Parler CEO 'goes into HIDING because of death threats' after app pulled by Amazon, Google, and Apple

JOHN Matze, the CEO of Parler, has gone into hiding with his family over "death threats" after the app was pulled from Amazon, Google, and Apple.

Parler, a social media app popular with conservatives, was pulled by the tech giants after Donald Trump's supporters stormed the Capitol building in Washington, DC.


Now, court documents allege that Matze is in hiding due to the backlash.

The documents, obtained by Fox News, say that Matze and his family are being targeted by hackers who posted his address online and have threatened to show up at his home.

Parler filed a lawsuit against Amazon after the company's cloud hosting service dropped the app.

In response, Amazon said Parler had "no legal basis" to sue, and said its employees are now facing threats and harassment.

Parler's response noted that their employees were being threatened as well, including Matze himself.

"Although AWS's (Amazon Web Services) motion to seal focuses only on its own employees, Parler's employees have been similarly harassed and threatened," the filing says.

"Parler's CEO John Matze, Jr., reports in his declaration in support of Parler's TRO motion that many Parler employees are suffering harassment and hostility, fear for their safety and that of their families, and in some cases have fled their home state to escape persecution.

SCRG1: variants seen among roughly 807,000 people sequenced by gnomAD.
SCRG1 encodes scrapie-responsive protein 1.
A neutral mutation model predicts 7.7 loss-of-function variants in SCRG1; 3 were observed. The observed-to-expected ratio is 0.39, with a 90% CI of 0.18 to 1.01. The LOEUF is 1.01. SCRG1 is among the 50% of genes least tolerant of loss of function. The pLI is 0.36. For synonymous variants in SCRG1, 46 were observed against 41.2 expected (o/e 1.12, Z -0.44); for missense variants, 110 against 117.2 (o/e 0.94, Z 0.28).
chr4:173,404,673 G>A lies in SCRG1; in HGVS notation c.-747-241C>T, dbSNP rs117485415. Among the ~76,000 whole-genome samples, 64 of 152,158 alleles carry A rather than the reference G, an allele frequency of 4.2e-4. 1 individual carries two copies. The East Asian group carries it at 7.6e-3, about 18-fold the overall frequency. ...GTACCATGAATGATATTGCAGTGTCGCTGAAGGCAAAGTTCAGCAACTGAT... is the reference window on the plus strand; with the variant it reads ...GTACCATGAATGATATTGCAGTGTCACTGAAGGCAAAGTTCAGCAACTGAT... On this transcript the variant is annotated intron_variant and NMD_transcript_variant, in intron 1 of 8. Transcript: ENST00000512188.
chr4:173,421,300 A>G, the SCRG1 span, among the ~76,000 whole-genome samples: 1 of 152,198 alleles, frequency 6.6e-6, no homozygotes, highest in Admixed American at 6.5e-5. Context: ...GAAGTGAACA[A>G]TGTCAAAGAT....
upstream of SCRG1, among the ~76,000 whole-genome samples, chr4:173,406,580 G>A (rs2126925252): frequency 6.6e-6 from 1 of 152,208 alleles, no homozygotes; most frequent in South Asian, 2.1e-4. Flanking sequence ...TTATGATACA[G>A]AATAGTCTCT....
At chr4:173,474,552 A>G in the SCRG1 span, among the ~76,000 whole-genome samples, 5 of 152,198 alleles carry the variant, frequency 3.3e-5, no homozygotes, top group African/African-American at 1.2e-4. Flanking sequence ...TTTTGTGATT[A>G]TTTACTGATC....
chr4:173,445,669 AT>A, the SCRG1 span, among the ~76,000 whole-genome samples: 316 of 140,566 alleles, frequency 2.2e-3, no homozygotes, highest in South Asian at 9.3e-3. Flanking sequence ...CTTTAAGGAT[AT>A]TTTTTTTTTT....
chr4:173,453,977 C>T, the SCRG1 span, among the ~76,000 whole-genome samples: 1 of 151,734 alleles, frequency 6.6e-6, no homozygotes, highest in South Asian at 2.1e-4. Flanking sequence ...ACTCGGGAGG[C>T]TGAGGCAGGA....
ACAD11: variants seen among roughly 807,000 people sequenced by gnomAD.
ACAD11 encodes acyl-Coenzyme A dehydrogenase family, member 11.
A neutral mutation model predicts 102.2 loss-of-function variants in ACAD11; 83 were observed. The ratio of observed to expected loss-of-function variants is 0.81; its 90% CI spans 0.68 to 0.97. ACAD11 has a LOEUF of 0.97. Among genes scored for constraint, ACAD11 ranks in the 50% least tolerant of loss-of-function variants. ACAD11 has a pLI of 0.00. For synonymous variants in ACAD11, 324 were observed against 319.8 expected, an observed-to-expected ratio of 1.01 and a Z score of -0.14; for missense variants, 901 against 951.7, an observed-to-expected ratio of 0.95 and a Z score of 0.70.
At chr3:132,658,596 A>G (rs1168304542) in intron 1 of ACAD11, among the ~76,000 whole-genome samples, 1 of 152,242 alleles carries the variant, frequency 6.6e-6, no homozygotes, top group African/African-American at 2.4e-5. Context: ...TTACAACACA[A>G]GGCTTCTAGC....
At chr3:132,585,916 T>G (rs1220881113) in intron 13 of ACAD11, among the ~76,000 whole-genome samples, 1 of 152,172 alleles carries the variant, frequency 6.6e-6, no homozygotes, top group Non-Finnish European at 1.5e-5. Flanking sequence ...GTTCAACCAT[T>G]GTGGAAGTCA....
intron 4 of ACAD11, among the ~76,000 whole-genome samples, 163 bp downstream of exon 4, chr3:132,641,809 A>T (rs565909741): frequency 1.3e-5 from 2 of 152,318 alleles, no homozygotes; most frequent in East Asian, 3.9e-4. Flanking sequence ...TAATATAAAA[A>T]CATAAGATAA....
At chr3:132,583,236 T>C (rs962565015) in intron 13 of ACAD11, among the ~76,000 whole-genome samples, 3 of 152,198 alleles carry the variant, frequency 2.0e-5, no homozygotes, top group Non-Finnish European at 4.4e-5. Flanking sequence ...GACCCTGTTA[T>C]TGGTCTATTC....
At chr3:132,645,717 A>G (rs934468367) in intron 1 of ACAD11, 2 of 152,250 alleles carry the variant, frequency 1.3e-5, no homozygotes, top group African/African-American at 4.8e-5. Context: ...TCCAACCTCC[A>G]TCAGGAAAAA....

"Matze himself, as the CEO of the company AWS continues to vilify, has had to leave his home and go into hiding with his family after receiving death threats and invasive personal security breaches," it says.


Parler getting the boot was part of a widespread crackdown by big tech companies that followed the Capitol riots.

Trump himself was banned from Twitter permanently, as well as Facebook, Instagram, and YouTube temporarily.

Earlier this week, Matze alleged that Amazon came after his app after learning that Trump was considering moving to Parler under the pseudonym "Person X."

"I believe AWS's Decision to terminate service to Parler was based, not on expressed concerns about Parler's compliance with the AWS Agreement, but in part on a desire to deny President Trump a platform on any large social-media service," Matze alleged in another court filing.

He said that a representative assigned to him by AWS, who supported Joe Biden, knew since October "that Trump was considering moving to Parler under the pseudonym 'Person X.'"

"She questioned me frequently via text message, phone calls and emails about any knowledge of those plans," Matze said.

Amazon denied the claims made by Matze on why the app was banned.

"There is no merit to these claims," an Amazon spokesperson recently told The Sun.

The company maintains that it was content that "encourages and incites" violence on Parler that ultimately led to the service being dropped.

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